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The Tea Partyers love America, but it's an America that is an abstraction or a memory. The nation of today--with its many immigrants, liberated women, increasingly liberated gays, myriad government programs, open trade and a Spanish-language option on every phone menu--seems to scare them.
For many conservatives, the rot set in a while ago. Ron Paul and his supporters argue, for instance, that the creation of the Federal Reserve in 1913 marked the beginning of the fall. Others see the New Deal as deeply illegitimate. For many, the culprit is the social changes ushered in during the 1960s. But these are shifts that have been with us now for 100 or 75 or 40 years. Those shifts broadened opportunities for women and minorities, gave income support to seniors and helped create stable economic growth that has been the envy of the world. At some point, the changes became part of the fabric of the country. Can you love America and hate so much about it?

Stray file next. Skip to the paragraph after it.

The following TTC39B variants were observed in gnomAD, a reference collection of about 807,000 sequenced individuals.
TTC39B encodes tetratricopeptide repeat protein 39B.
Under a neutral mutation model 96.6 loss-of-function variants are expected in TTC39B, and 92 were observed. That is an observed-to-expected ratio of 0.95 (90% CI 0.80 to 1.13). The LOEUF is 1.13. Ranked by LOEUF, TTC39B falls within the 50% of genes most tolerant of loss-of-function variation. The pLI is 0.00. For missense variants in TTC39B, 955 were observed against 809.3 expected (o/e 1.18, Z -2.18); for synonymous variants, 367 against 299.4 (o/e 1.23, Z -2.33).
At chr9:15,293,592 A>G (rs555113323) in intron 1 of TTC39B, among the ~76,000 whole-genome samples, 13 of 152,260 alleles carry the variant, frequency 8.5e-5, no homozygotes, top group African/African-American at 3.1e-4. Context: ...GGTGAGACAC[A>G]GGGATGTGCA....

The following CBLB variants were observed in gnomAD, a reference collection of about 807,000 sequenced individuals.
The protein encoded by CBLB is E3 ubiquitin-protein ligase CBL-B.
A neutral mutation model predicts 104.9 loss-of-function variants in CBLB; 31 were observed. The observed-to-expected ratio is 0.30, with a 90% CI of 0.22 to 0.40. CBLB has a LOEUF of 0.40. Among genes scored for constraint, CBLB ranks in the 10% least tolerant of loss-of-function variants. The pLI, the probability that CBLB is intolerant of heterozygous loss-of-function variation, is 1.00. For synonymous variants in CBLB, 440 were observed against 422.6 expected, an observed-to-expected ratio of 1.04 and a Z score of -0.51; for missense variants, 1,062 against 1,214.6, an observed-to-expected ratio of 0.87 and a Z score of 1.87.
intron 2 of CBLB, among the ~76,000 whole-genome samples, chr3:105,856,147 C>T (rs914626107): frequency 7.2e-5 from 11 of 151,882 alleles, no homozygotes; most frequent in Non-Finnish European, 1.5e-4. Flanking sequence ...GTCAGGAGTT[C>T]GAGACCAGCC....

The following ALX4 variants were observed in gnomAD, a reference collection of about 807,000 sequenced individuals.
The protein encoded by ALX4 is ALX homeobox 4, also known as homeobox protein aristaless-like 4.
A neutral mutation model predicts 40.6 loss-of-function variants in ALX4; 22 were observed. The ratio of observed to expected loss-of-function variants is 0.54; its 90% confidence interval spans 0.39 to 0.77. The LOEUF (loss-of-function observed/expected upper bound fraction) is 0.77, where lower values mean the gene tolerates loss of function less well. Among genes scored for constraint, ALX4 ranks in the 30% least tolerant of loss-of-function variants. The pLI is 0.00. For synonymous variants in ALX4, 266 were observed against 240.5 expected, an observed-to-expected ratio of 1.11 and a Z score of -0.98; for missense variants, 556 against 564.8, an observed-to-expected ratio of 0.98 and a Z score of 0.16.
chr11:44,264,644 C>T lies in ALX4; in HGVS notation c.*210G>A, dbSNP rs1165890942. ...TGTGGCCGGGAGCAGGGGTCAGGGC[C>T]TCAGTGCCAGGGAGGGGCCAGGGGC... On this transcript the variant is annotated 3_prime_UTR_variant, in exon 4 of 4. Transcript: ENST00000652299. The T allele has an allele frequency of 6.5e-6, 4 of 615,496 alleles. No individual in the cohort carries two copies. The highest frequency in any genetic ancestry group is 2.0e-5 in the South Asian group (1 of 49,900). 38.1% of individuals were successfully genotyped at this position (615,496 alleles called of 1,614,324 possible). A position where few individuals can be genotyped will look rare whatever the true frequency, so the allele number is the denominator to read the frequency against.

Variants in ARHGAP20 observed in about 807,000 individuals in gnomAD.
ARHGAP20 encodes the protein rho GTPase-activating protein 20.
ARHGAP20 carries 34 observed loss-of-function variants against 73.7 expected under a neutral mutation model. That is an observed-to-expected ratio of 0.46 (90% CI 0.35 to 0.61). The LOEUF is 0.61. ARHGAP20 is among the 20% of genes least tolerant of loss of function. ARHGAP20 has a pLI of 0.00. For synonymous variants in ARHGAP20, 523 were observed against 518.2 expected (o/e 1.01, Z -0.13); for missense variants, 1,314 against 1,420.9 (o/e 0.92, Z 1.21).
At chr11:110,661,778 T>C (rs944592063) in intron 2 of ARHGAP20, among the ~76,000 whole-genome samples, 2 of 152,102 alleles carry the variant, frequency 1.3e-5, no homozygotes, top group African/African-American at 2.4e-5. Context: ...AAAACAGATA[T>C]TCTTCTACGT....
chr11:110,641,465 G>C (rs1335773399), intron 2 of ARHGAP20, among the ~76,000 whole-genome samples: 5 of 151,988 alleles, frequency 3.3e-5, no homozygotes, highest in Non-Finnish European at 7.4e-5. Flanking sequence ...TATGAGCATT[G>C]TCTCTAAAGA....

The Republican Party has an important and powerful economic message for America today. But to sell it, it needs to convince voters that it understands and appreciates today's America.
TO READ MORE BY FAREED ZAKARIA, GO TO time.com/zakaria